I suppose there must be a special hell for people who don't take their LinkedIn accounts seriously, and if so I'm headed there full steam. Still, you can imagine my horror when I noticed in the latest missive from LinkedIn (just as I was going to delete it) that several of my acquaintances have endorsed me for my XML skills.

I deplore XML. There are certainly times when you want a human-readable and -editable data format that's not tied to any particular programming language or application, but something like JSON is a lot more succinct. And I've seen plenty of occasions where people used XML for small amounts of information that was tied to a particular programming language or application, where a short piece of program code or a simple text file would have been a lighterweight choice. And though I've been forced to use XML on occasion, I've done my best to block the experience from my mind.

So what's the protocol for unwanted LinkedIn endorsements? Will my contacts be livid if I reject the endorsement? If I accept, does it go on my Permanent Record? And if so, will prospective employers refuse to consider me for any job except shoveling out the XML stables?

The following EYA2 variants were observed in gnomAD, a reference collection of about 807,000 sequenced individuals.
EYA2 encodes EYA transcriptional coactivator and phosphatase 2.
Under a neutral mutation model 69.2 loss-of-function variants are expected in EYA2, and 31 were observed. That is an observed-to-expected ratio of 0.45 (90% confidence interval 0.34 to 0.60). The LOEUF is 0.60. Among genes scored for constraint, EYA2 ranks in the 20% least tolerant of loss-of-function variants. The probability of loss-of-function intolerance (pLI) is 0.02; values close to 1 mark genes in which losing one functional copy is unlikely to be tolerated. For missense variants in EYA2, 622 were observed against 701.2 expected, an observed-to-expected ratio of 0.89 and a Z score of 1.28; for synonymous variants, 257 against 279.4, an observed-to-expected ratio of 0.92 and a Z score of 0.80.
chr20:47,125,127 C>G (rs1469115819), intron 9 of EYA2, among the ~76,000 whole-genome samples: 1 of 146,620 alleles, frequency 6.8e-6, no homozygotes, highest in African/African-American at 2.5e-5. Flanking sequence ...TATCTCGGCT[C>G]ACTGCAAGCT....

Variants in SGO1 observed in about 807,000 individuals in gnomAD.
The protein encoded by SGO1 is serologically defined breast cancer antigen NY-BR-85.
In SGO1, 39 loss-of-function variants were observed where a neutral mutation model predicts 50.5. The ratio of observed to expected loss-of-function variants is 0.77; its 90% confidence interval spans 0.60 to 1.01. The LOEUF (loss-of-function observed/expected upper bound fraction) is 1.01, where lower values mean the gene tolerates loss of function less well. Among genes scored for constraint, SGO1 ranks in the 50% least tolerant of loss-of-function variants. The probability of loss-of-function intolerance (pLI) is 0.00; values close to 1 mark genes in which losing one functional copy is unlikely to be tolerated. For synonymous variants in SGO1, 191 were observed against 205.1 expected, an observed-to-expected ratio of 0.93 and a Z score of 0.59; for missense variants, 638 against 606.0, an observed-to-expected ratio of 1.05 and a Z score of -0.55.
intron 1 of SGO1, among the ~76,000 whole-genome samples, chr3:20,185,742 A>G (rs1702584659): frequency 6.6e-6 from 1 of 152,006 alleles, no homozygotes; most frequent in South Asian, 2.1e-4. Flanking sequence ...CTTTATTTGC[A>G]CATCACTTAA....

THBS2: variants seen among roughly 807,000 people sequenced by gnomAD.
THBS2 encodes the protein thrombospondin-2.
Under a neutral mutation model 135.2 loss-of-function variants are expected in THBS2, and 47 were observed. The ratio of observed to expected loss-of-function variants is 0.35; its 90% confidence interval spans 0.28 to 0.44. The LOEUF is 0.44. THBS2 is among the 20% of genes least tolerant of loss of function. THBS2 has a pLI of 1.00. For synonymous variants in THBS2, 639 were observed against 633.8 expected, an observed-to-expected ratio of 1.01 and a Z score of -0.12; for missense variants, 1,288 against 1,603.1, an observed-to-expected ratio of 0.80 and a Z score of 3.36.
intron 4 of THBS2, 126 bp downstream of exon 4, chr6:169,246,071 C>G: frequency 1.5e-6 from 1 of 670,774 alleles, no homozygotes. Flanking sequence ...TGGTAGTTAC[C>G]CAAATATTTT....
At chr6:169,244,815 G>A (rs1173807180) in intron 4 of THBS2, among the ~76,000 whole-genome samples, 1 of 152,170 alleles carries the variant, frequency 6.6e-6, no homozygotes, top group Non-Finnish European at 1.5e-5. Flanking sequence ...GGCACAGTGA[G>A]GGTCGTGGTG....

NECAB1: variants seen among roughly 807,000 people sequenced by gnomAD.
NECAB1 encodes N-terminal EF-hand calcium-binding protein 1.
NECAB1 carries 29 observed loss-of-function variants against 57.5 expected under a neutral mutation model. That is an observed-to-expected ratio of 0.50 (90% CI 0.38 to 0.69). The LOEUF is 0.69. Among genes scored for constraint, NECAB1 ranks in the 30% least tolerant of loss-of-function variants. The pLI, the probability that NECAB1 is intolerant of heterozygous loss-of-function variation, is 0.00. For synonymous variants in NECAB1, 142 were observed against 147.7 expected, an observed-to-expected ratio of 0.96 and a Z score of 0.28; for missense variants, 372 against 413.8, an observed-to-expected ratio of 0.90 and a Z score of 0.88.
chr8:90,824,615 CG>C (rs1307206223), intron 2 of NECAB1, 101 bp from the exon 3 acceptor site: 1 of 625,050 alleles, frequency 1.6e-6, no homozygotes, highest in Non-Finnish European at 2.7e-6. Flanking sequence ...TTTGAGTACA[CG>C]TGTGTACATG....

Tuesday, April 16, 2013

Sugar-Free Loops

Sugar-free loops: not a breakfast cereal.

I've recently been playing with a minimalist language that eschews pretty much all syntactic sugar. It has no classes (or typeclasses), no mutable state, no jumps or labels, no modules or packages. It has no libraries—and if it did, they'd be useless, because it has no identifiers with which to name the contents of the libraries.

The language is basically the lambda calculus, plus built-in integers, a few integer functions, and a conditional If. Variables are represented as zero-based De Bruijn indices, using the notation V(i) for the variable in the ith enclosing scope. V is actually a special case of the Var operator, whose argument can be an arbitrary expression rather than just an integer constant—useful if you want to invent arrays.

Calling this thing a “language” is probably an abuse of the term; it's just a data structure with an interpreter.

Although I wouldn't want to program such a thing on a regular basis, I did want to be able to process sequences of varying lengths with it. Given the pure functional nature of the language, this requires recursion. And given the lack of identifiers, the language doesn't do the recursion for me; I need to use an explicit fixpoint combinator. The call-by-value Y combinator in this language looks like: